Special elections

Two-term Minnesota Rep. Jim Hagedorn (R) died Thursday, after a battle with kidney cancer he had fought for most of his time in Congress. Hagedorn's wife, Jennifer Carnahan, announced the news on Facebook, and did not mention covid-19, for which the congressman had tested positive last month.

“Nothing can accurately prepare you for the unimaginable pain, intense sorrow, suffocating grief and seemingly never-ending emptiness that engulfs the entire body, soul and spirit when your forever love passes away,” wrote Carnahan, who'd married Hagedorn in 2018, after he'd won the 1st Congressional District on his fourth try, and while she was chair of the Minnesota Republican Party.

The state set a May 24 primary for the seat, with the nominees going to an Aug. 9 special election, the same day as the state's primaries. The candidates could include Carnahan, who last year was forced out of the party's leadership after a fast-moving scandal that started when a GOP donor was indicted on sex-trafficking charges and expanded when ex-staffers accused her of running a hostile workplace.

“It is unfortunate that the mob mentality has come out in this way to defame, tarnish and attempt to ruin my personal and professional reputation,” Carnahan said then, calling for a “full investigation” of the accusations.

The 1st District, which covers the southernmost parts of Minnesota and the cities of Rochester and Mankato, moved right after 2012 as rural White voters began voting more Republican. Barack Obama carried it narrowly, Hillary Clinton lost it by 15 points and Joe Biden lost it by 10, with most of his improvement coming from the cities and from 2016 third-party voters switching back to the Democratic ticket. 

Hagedorn won two close races, trailing the GOP ticket, against Democrat Dan Feehan, who hasn't said whether he'll run; Republicans have a deep bench in the district, including state Sens. Julie Rosen and David Senjem. But Democrats have lost ground since 2020, and the state's just-approved maps add more Republican precincts to the district, making it easier for the party to hold in November.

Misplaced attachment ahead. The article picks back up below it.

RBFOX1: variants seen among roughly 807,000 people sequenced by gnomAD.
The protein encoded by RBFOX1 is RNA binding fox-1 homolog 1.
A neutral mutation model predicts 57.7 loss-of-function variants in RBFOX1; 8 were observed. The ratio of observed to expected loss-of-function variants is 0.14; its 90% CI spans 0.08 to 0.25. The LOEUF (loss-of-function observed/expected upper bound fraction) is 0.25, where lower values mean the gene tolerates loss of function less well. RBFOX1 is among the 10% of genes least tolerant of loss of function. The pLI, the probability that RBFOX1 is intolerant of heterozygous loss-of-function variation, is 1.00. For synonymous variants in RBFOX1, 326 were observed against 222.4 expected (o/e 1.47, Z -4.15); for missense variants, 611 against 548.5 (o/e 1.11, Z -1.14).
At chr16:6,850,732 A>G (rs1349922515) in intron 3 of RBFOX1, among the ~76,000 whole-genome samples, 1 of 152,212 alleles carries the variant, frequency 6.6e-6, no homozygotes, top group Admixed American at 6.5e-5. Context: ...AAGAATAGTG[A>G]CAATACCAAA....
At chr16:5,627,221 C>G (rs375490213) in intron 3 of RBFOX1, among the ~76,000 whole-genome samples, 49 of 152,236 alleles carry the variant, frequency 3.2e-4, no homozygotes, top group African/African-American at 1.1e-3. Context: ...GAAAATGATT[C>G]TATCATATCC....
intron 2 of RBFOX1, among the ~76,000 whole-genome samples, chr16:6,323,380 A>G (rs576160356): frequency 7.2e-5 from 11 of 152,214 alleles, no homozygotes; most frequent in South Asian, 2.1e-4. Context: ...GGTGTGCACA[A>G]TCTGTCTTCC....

Hagedorn's death reduces the GOP conference in the House to 211 members, with two vacancies — here and in California's Central Valley, where the all-party primary to replace Devin Nunes will take place on April 5.

In the states

Vermont. Former U.S. attorney Christina Nolan joined the state's U.S. Senate race Tuesday, giving Republicans their first credible candidate in the state since 2006, the last time one of its seats was open.

“Leaders in Washington of both parties have lost their way,” she said in a statement. “They are more interested in fighting with each other and beating the other party. It’s cynicism and gridlock.” She also promised to bring “new energy” to the race as a member of a new generation, easy to read as a comment on the age of Rep. Peter Welch (D-Vt.), who largely cleared the field after announcing for the Democratic nomination.

Missouri. Pastor Alex Bryant entered the GOP primary in the 7th Congressional District, a safely Republican seat that Rep. Billy Long (R-Mo.) is leaving to run for Senate. With his wife Angela, Bryant wrote a book titled “Let’s Start Again: A Biracial Couple's View on Race, Racial Ignorance and Racial Insensitivity,” and he has hosted a weekly podcast. He kicked off the campaign by identifying the problems liberals had pushed on the rest of the country: “open borders, abortion, gender fluidity and defunding the police.” 

“I have come to realize that the radical secularists are not satisfied with merely promoting their ideas, rather they are using ridicule and intimidation to silence any voice opposed to their agenda,” said Bryant, who if successful would be the first Black Republican elected to Congress from the state. “Our country is in the midst of a culture war.”


… two days until the start of the Conservative Political Action Conference 
… seven days until the first 2022 primaries 
… 251 days until the midterm elections